Taming Furry, Friendly Pests

Learn how to manage your garden and keep unwanted furry guests out of it.
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Furry Domestic Pet

Furry Domestic Pet

Keeping wild animals out of the garden is tricky at best, but domestic animals can be just as difficult to control.

Keeping wild animals out of the garden is tricky at best, but domestic animals can be just as difficult to control. And they, too, can cause considerable damage - unless, of course, they've been trained like master gardener Paul James' dog.

"Years ago I taught Maggie to stop when she came to a mulched area, and since every square foot of my garden has mulch, she's never been a problem," he says. "Unfortunately, however, I need to spend a little bit of time with our latest arrival, Lucky." Yet, although dogs can do considerable damage to the garden, he says he usually hears more complaints about cats.

Paul researched the issue of controlling cats in the garden and found several different gadgets. The first is this medieval-looking device that is basically a mat of spikes. To use, you simply place the mats on the ground in areas the cats tend to frequent and the spikes serve as an attention-getting deterrent to would-be garden invaders. "With all due respect to the folks that make these things, I'm not sure I want to protect my garden with spikes, largely because I'd probably be the first one to step on it," Paul says. "And I wouldn't want my kids playing around it either. But I can see where it might come in handy around a bird feeder, bird bath or even a pond filled with fish."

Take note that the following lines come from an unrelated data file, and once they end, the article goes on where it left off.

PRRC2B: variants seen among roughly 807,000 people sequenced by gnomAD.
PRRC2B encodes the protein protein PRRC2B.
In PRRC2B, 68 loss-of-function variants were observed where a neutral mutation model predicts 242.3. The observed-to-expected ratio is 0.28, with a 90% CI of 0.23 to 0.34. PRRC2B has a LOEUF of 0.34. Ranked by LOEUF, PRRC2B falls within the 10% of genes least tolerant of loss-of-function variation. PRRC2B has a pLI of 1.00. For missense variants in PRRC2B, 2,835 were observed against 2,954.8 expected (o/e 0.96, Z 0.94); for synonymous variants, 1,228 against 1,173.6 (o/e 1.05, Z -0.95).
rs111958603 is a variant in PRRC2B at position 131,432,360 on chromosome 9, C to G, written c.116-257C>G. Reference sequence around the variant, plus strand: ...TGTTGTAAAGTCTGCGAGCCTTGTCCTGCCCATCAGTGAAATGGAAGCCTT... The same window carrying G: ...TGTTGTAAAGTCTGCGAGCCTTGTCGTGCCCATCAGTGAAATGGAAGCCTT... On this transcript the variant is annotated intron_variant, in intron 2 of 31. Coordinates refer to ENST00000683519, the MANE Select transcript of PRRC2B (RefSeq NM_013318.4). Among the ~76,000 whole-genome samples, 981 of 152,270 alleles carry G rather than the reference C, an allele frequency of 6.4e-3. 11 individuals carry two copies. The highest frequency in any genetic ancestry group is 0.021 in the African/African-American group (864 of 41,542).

Repellents have been popular for years, especially granular products that you routinely sprinkle around plants or the perimeter of garden beds. Unfortunately, most such repellents on the market must be applied daily, which can be a huge drag. The active ingredient in them is toxic if absorbed through the skin.

This little gizmo uses the same active ingredient but at least it houses the ingredient in a cute mushroom- or bell-shaped housing. To use, simply fill the perforated post with granules, screw on the lid and place the whole thing in areas where cats (or dogs) tend to be a problem. According to the manufacturer, one of these things offers protection roughly 12 feet in every direction. What they don't tell you is how long the granules are effective. "So I guess you just replace them when it doesn't seem to be working all that well," Paul says.

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